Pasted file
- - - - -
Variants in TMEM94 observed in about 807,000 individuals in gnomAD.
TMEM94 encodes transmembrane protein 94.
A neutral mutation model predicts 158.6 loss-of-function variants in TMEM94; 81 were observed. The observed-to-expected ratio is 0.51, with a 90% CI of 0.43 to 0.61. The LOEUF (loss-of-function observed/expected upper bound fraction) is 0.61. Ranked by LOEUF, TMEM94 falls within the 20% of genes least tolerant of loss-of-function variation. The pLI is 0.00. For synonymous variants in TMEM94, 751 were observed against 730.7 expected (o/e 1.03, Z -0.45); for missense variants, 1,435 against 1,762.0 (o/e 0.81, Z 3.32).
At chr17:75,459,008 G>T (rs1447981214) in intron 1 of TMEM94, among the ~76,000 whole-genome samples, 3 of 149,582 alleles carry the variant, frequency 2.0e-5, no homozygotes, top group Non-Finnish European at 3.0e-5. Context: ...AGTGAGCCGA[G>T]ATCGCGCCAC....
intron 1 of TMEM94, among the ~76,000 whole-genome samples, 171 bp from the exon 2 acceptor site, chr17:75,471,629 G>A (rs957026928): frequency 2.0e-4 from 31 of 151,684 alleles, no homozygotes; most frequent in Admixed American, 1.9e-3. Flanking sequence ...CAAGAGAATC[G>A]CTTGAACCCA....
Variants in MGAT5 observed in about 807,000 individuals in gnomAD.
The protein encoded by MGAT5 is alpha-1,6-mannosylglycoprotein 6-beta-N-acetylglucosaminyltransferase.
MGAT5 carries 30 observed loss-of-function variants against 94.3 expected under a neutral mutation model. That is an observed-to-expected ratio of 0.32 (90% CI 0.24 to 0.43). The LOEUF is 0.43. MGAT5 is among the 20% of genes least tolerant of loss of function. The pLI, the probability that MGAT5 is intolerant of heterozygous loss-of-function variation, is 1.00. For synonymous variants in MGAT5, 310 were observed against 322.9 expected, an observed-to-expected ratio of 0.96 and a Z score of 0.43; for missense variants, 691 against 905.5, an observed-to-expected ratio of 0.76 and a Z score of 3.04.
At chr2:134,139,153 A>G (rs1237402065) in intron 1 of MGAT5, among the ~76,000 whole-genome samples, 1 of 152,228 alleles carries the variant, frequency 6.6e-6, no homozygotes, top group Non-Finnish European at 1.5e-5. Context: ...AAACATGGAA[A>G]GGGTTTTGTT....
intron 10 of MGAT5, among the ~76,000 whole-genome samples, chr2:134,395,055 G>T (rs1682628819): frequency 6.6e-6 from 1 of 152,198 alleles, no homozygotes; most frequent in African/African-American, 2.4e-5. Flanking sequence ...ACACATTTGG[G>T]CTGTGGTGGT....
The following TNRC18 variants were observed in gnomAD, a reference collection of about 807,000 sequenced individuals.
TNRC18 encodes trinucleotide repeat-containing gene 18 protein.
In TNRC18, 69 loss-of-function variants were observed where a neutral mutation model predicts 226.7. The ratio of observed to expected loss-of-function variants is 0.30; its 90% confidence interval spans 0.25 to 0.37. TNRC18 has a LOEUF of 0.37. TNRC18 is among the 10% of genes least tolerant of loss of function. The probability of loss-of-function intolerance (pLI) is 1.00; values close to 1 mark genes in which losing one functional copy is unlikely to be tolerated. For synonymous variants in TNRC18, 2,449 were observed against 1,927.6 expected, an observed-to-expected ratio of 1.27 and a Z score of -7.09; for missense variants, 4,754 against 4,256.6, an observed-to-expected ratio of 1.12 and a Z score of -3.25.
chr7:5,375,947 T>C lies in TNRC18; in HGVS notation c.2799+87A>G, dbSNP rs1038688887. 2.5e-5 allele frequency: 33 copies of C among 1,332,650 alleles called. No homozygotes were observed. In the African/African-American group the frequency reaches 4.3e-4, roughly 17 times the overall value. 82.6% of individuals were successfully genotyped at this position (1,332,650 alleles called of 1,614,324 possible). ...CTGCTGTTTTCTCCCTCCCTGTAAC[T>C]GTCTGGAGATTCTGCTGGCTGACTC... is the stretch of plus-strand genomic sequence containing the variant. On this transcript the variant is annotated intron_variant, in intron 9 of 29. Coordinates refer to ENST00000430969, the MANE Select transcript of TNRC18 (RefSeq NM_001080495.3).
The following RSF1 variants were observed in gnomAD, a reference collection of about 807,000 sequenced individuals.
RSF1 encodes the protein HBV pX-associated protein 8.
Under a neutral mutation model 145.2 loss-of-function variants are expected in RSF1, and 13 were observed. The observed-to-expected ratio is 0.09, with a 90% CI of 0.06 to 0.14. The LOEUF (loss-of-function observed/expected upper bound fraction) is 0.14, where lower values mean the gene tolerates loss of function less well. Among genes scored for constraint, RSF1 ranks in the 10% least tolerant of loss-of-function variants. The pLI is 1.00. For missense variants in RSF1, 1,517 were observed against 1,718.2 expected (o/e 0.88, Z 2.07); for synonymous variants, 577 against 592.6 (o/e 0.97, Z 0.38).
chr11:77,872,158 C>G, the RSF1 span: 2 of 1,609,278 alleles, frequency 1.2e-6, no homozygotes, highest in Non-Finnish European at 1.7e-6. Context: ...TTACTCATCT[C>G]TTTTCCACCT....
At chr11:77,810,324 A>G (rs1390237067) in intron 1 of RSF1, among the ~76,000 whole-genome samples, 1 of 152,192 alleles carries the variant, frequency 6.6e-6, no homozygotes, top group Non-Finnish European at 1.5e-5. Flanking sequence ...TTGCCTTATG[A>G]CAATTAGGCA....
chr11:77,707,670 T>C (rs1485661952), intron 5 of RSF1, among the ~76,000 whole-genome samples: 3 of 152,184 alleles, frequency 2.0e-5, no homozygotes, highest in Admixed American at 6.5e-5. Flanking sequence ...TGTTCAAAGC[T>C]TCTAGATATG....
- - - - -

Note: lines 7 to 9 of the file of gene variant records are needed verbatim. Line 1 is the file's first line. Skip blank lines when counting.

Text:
The protein encoded by MGAT5 is alpha-1,6-mannosylglycoprotein 6-beta-N-acetylglucosaminyltransferase.
MGAT5 carries 30 observed loss-of-function variants against 94.3 expected under a neutral mutation model. That is an observed-to-expected ratio of 0.32 (90% CI 0.24 to 0.43). The LOEUF is 0.43. MGAT5 is among the 20% of genes least tolerant of loss of function. The pLI, the probability that MGAT5 is intolerant of heterozygous loss-of-function variation, is 1.00. For synonymous variants in MGAT5, 310 were observed against 322.9 expected, an observed-to-expected ratio of 0.96 and a Z score of 0.43; for missense variants, 691 against 905.5, an observed-to-expected ratio of 0.76 and a Z score of 3.04.
At chr2:134,139,153 A>G (rs1237402065) in intron 1 of MGAT5, among the ~76,000 whole-genome samples, 1 of 152,228 alleles carries the variant, frequency 6.6e-6, no homozygotes, top group Non-Finnish European at 1.5e-5. Context: ...AAACATGGAA[A>G]GGGTTTTGTT....